NRG Energy is beginning construction on a $1 billion project designed to reduce the amount of carbon dioxide released from a Fort Bend County power plant and instead use it to help increase oil production.
The company is touting the effort as the largest project in the world to use a technique called “carbon capture, utilization and storage” that’s getting increased attention, in part due to proposed federal rules that would require drastic reductions in carbon emissions from electric power plants. The regulation would hit coal plants in particular because coal combustion emits more carbon dioxide than burning natural gas, the other main fossil power plant fuel.
“This will basically be extremely clean emissions from a coal plant — which we’ve never seen — at low coal prices,” said Arun Banskota, president and CEO of NRG Energy Petra Nova Holdings, the NRG subsidiary leading the project. “That’s the radical thing.”
The work is being done at NRG’s W.A. Parish power plant about 25 miles southwest of downtown Houston. On Tuesday the company will begin the initial construction phase of the project.
The company expects to complete the project in two years.
The new equipment will take flue gas — the exhaust produced by the power plant — and direct it to a tower where it will mix with an ammonia derivative. It then will be heated in a process that segregates the carbon dioxide.
The carbon dioxide will travel via pipeline to an oil field 80 miles southwest of the plant, where it will be pumped underground to improve oil production — a process called enhanced oil recovery.
Neither of the technologies is new, but their combination on a commercial scale is, Banskota said.
The idea is to take an abundance of carbon dioxide at power plants, where it’s not wanted, and shift it to the oil industry, where it’s in high demand. “What hasn’t been done before — until now — is the business model of putting it all together on a competitive basis,” Banskota said.
The effort is a joint venture of Petra Nova and a subsidiary of Japanese energy company JX Nippon Oil & Gas Exploration Corp. They each have a 25 percent stake in the oil field, with the rest owned by Houston-based Hilcorp Energy Co.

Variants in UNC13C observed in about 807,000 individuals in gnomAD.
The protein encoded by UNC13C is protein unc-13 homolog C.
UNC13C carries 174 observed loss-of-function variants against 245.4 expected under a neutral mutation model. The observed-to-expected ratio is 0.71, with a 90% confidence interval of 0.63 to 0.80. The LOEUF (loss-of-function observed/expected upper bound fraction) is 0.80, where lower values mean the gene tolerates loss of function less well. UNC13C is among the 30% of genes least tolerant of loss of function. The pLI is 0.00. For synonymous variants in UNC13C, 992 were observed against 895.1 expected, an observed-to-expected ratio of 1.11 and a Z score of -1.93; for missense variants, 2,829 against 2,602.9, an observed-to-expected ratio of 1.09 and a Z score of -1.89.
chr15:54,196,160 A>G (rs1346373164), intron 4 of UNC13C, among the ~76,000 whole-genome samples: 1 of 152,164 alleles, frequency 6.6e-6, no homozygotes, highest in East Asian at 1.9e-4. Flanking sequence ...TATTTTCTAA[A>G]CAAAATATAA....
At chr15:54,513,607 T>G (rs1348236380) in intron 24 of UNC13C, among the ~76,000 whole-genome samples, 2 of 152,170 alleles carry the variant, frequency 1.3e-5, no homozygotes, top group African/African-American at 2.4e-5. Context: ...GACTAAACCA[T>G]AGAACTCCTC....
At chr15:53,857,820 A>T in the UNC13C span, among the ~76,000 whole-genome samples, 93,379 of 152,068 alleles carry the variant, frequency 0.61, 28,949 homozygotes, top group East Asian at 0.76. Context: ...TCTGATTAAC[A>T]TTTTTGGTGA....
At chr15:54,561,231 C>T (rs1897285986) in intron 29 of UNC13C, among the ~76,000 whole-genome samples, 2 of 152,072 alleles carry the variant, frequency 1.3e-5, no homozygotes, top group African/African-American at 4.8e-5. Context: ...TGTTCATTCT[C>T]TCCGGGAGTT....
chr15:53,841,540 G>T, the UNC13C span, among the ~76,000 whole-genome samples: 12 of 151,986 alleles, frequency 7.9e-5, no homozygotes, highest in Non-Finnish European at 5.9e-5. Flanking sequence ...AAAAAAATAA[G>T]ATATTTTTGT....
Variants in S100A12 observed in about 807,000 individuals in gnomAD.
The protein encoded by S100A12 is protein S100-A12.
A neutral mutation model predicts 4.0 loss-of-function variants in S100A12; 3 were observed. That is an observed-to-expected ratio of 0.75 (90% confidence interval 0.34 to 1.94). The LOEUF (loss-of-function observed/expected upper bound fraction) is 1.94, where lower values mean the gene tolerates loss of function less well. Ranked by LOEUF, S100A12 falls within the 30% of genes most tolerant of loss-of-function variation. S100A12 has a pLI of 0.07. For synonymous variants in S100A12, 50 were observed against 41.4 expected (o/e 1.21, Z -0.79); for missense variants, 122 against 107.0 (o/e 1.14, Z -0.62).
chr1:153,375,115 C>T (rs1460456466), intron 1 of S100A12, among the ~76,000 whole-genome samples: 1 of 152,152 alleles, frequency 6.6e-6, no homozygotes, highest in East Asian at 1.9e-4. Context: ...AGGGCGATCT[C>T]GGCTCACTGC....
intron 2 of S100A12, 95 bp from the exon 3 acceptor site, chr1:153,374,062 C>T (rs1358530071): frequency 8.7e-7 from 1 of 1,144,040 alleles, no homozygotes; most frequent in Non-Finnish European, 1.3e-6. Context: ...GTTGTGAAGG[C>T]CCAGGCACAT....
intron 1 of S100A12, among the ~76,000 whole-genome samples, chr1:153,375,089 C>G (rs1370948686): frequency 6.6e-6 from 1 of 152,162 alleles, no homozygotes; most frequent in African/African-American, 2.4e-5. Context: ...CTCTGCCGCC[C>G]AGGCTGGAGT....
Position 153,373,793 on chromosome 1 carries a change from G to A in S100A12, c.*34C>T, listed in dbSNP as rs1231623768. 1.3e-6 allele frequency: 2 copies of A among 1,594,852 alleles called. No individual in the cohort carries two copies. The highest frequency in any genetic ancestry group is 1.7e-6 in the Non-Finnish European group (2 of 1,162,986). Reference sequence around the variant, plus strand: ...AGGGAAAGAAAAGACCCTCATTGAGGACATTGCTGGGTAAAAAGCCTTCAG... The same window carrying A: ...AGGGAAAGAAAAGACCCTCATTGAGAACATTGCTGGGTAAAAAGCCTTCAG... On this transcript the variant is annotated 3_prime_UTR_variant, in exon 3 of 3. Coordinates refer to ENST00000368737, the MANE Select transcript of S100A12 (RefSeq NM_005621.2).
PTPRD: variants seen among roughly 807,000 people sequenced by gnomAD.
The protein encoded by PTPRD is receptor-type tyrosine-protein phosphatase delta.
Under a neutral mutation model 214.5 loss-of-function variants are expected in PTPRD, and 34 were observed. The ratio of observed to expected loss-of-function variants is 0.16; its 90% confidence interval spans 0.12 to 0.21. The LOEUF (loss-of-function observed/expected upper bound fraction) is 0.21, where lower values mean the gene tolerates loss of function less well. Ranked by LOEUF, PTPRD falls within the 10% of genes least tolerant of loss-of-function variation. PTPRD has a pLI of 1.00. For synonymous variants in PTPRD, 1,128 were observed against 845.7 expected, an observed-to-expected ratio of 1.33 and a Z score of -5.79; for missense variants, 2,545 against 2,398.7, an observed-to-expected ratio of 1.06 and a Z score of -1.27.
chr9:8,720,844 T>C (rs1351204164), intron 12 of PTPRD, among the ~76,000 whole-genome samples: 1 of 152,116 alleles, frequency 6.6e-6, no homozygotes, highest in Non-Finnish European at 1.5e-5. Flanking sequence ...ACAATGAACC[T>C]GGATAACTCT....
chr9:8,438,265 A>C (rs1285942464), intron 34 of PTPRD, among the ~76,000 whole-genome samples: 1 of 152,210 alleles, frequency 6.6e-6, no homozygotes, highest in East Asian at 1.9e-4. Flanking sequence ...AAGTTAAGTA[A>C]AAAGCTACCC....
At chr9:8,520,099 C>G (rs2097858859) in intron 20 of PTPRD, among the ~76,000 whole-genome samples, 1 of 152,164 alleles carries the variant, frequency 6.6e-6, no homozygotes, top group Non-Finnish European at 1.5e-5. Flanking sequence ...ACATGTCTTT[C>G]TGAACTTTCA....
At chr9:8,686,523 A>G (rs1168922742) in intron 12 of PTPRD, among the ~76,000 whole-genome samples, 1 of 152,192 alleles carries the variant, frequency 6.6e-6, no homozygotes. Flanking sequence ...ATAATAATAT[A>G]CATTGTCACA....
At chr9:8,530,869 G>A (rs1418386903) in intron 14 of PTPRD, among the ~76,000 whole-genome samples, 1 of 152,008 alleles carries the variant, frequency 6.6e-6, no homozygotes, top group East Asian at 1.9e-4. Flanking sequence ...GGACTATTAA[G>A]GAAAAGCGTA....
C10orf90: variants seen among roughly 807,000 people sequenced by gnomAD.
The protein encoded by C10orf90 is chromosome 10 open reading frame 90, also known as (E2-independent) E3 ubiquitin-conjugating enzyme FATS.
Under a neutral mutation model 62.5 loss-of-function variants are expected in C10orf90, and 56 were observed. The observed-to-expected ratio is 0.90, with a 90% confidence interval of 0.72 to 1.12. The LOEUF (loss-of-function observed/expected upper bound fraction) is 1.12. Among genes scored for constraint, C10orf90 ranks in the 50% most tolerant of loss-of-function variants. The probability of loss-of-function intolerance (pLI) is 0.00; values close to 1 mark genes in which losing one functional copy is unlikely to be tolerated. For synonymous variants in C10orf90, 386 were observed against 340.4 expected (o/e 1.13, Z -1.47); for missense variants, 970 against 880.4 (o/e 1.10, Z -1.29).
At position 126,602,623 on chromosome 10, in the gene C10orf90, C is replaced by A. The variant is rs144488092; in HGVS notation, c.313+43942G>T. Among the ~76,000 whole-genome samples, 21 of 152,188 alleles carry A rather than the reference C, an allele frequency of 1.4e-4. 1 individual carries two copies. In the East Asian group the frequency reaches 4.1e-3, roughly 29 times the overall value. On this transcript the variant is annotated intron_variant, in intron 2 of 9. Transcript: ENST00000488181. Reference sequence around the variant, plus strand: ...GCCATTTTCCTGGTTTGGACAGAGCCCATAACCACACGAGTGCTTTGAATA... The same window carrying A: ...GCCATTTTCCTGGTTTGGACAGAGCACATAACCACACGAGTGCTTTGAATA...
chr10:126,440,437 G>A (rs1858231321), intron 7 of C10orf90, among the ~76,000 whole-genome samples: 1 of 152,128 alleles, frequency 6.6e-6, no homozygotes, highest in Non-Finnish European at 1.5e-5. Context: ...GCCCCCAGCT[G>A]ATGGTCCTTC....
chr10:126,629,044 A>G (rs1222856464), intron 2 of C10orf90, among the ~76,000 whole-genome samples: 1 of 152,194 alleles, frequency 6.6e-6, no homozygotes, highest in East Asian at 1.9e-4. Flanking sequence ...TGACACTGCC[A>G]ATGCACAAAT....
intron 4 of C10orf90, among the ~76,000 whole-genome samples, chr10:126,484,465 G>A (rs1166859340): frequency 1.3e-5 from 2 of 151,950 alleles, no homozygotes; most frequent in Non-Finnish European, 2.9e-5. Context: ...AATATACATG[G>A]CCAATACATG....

It is the only oil field in which NRG has an equity stake.
Today, the field produces about 500 barrels per day, but that could increase to more than 15,000 with the help of carbon dioxide injections, NRG officials said. Essentially, the increased oil production will pay for the new infrastructure at the power plant.
NRG officials say in addition to being the largest suchproject in the world, it’s also the first commercial-scale project in the U.S. to remove carbon dioxide after the combustion process.
That distinction is key, since it means the infrastructure can be added to an existing power plant.
A different type of carbon-reducing technology requiring more advanced engineering typically can be installed only while a plant is under construction.
“It’s one of the precious few post-combustion, carbon-capture projects, and we need more of them,” said Charles McConnell, executive director of the Energy and Environment Initiative at Rice University.
The system will keep an estimated 1.6 million tons of carbon dioxide out of the air each year.
Still, the project will affect only a fraction of the emissions from the Parish complex, the largest power plant in the U.S. outside of nuclear and hydroelectric facilities.
The Parish plant has four coal units and six gas units, and the carbon capture technology will be applied to about 40 percent of a single coal unit.
NRG officials say they hope to expand the use of the technology.
The U.S. Energy Department committed $167 million toward the NRG project as part of a grant program designed to accelerate the availability of the technology on a commercial scale. So far the project has received $7 million of the federal funds, most of it used for preliminary engineering work.
Banskota said the initial funding was key to developing the technology, which NRG said it’s poised to use at other facilities without the need for additional federal grants, since much of the early engineering work can be replicated.
The U.S. Energy Information Administration projects that through 2040, cumulative crude oil production from carbon dioxide-based enhanced oil recovery could total 5.2 billion barrels.
Still, the technology has its skeptics.
Jenna Garland, deputy press secretary with the Sierra Club, said coal-fired power plants are being phased out across the country. Rather than focus on retrofitting them with expensive technology, she said, it would be more economical to focus on development of wind and solar power.
“I would say there are several options that rank much more highly than looking at carbon capture and sequestration, especially when we’re talking about retrofitting,” Garland said.
Commodity prices also could prove a challenge to the future of the technology.
Because NRG’s business model funds the carbon capture infrastructure from the oil it helps produce, a decline in oil prices could be a setback to implementing it on a wider scale. “From a technology perspective, we’re very comfortable,” Banskota said. “What is not controllable is the commodity price.”
McConnell, who spent two years as assistant U.S. energy secretary in the Obama administration, acknowledged that some environmentalists don’t embrace the technology. But he said it’s more financially feasible than relying on federally subsidized alternative fuels, and it’s a practical way to improve the emissions of the power plants that exist today.
“I think we have to be realistic about our energy security and the costs for our society,” McConnell said.